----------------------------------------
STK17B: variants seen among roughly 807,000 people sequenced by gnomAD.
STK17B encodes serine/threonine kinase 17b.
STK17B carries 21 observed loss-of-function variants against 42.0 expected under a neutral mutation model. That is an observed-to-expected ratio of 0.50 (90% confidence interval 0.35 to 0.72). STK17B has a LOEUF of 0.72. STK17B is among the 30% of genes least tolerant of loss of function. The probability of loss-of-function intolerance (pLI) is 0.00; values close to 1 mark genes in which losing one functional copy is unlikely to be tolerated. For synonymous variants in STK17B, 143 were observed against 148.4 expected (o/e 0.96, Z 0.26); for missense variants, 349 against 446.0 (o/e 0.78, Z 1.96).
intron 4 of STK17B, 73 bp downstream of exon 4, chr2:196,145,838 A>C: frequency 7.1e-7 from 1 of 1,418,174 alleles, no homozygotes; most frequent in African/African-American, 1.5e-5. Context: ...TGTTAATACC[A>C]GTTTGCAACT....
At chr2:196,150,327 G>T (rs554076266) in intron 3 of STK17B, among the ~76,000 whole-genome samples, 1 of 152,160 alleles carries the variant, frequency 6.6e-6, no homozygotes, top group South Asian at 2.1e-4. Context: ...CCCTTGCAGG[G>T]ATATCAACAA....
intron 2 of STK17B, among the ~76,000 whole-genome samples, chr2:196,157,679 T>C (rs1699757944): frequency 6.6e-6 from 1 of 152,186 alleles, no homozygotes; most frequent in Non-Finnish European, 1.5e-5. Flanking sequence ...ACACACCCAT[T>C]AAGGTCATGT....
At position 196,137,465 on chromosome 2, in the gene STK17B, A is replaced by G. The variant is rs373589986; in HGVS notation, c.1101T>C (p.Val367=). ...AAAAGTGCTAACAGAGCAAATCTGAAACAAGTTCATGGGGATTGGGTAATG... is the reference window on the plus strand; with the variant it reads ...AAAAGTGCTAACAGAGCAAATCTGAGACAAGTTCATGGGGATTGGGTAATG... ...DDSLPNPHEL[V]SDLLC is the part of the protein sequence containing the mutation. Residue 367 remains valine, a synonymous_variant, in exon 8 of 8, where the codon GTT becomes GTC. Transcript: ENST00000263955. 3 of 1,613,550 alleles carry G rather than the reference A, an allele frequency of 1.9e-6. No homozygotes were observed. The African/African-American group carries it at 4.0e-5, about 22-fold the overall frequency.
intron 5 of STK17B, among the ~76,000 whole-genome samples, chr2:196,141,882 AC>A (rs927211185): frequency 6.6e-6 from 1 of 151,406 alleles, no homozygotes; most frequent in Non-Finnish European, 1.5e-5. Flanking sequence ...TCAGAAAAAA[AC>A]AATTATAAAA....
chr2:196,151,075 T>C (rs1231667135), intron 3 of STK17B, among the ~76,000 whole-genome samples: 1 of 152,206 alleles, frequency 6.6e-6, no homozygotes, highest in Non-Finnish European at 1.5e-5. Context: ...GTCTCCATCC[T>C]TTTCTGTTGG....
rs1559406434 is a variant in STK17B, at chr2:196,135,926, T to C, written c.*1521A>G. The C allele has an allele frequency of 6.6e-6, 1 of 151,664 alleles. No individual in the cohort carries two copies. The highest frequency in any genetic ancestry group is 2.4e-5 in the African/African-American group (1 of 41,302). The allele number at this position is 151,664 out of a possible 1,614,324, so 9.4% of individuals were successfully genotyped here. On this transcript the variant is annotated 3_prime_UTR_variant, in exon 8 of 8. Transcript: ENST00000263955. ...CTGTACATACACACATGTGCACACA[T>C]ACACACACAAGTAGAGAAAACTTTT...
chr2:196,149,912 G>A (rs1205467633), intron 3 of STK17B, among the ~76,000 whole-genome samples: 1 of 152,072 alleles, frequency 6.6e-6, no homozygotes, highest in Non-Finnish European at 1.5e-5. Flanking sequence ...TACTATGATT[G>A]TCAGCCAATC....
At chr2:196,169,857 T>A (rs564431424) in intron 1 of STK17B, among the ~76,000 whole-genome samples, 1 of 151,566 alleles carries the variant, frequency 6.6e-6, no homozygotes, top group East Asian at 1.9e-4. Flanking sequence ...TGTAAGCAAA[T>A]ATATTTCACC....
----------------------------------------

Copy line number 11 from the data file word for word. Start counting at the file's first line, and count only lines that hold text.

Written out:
chr2:196,149,912 G>A (rs1205467633), intron 3 of STK17B, among the ~76,000 whole-genome samples: 1 of 152,072 alleles, frequency 6.6e-6, no homozygotes, highest in Non-Finnish European at 1.5e-5. Flanking sequence ...TACTATGATT[G>A]TCAGCCAATC....